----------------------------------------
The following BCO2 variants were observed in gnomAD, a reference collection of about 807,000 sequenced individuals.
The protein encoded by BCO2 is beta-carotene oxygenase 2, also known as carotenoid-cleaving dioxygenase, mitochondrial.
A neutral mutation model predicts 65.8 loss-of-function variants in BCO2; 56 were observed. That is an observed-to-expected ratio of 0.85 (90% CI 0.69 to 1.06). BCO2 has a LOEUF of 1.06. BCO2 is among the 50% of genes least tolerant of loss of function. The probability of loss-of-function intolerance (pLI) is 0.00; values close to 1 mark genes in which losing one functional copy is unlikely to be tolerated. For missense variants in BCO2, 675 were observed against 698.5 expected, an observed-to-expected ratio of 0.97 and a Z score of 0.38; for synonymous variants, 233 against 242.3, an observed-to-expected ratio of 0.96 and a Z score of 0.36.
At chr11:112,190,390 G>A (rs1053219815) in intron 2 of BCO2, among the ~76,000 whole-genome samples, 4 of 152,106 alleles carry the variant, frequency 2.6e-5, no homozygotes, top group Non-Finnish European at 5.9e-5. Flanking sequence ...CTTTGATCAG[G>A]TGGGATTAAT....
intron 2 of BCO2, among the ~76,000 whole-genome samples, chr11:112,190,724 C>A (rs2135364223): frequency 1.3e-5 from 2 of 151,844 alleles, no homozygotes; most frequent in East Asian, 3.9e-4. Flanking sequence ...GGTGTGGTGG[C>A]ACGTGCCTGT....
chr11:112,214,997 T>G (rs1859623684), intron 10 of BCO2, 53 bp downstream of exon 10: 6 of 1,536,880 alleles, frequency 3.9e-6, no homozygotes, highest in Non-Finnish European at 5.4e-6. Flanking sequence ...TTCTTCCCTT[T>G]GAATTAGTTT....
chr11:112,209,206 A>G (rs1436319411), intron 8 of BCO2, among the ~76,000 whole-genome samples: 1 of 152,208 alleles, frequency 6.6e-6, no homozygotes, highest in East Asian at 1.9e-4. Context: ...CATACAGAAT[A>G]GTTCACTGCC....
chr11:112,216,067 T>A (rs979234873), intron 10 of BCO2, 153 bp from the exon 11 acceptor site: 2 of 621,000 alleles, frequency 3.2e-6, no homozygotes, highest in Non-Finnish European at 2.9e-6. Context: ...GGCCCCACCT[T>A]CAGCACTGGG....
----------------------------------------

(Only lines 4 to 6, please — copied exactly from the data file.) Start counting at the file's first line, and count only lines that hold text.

At chr11:112,190,390 G>A (rs1053219815) in intron 2 of BCO2, among the ~76,000 whole-genome samples, 4 of 152,106 alleles carry the variant, frequency 2.6e-5, no homozygotes, top group Non-Finnish European at 5.9e-5. Flanking sequence ...CTTTGATCAG[G>A]TGGGATTAAT....
intron 2 of BCO2, among the ~76,000 whole-genome samples, chr11:112,190,724 C>A (rs2135364223): frequency 1.3e-5 from 2 of 151,844 alleles, no homozygotes; most frequent in East Asian, 3.9e-4. Flanking sequence ...GGTGTGGTGG[C>A]ACGTGCCTGT....
chr11:112,214,997 T>G (rs1859623684), intron 10 of BCO2, 53 bp downstream of exon 10: 6 of 1,536,880 alleles, frequency 3.9e-6, no homozygotes, highest in Non-Finnish European at 5.4e-6. Flanking sequence ...TTCTTCCCTT[T>G]GAATTAGTTT....